Etymology
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bombard (n.)

early 15c., "catapult, military engine for throwing large stones" ("The name generally given in Europe to the cannon during the 1st century of its use," says Century Dictionary), from Old French bombarde "mortar, catapult" (14c.), from bombe (see bomb (n.)). The same word, from the same source, was used in English and French late 14c. in reference to the bass shawm, a low-pitched bassoon-like musical instrument, preserving the "buzzing" sense in the Latin.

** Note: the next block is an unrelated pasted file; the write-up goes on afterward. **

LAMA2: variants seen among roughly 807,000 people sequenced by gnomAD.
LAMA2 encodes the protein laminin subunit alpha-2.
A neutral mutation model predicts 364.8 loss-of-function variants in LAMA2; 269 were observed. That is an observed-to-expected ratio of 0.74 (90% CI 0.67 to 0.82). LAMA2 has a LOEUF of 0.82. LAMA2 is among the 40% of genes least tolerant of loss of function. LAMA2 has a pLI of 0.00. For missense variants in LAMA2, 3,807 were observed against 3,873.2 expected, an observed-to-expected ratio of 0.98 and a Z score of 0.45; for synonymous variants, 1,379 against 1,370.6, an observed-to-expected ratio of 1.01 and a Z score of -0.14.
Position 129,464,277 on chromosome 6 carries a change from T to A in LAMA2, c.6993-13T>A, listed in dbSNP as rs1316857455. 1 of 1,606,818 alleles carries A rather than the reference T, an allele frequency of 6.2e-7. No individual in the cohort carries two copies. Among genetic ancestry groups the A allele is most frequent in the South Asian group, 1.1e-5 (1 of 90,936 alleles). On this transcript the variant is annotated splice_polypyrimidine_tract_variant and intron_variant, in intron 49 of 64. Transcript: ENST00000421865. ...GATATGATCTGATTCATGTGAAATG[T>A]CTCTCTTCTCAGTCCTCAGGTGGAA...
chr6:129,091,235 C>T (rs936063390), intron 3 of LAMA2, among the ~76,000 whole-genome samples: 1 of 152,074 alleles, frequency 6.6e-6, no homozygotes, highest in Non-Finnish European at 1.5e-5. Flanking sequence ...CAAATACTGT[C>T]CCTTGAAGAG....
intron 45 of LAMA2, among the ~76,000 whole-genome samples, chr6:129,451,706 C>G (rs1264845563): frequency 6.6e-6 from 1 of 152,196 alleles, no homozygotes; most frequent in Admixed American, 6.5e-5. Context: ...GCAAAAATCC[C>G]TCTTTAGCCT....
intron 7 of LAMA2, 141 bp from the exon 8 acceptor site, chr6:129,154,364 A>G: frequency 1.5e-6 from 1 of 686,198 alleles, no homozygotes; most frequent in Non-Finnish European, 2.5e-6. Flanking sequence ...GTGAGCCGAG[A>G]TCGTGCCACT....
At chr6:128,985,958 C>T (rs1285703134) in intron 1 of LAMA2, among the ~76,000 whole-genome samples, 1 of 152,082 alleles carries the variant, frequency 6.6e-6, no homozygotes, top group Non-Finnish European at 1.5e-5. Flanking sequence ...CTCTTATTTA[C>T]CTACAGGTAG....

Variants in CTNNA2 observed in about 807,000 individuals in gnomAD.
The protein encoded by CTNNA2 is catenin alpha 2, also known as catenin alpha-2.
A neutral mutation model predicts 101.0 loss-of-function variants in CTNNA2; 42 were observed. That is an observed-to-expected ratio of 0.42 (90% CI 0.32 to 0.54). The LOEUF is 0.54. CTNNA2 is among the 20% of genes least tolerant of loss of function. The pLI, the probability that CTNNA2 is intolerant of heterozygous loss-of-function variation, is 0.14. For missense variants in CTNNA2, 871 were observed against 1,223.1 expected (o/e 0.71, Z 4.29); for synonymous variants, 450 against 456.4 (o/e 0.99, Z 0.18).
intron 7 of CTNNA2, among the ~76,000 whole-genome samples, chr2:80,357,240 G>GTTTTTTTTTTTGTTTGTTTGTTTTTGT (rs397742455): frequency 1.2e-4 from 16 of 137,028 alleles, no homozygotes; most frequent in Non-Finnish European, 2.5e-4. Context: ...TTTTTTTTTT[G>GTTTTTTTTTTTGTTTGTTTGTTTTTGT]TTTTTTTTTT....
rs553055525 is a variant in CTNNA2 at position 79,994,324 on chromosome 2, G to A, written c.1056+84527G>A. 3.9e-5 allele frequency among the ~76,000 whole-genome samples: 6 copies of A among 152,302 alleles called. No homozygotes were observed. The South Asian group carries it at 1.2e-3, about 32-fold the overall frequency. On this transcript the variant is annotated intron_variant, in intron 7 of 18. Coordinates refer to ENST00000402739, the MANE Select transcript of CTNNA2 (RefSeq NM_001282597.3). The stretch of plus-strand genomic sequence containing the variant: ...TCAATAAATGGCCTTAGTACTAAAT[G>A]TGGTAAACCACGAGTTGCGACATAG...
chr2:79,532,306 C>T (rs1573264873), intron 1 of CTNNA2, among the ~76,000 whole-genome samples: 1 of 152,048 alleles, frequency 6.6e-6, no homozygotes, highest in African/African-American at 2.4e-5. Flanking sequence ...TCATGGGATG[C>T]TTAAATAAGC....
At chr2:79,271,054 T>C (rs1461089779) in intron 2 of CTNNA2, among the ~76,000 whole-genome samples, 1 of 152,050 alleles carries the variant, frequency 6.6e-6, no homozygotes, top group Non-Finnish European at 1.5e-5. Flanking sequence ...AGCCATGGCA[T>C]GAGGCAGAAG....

bombard (v.)

1590s, "to fire heavy guns," from French bombarder, from bombarde "mortar, catapult" (see bombard (n.)). The meaning "attack with heavy ordnance" is from 1680s. The figurative sense "assail persistently" is by 1765. Related: Bombarded; bombarding.

updated on October 19, 2022

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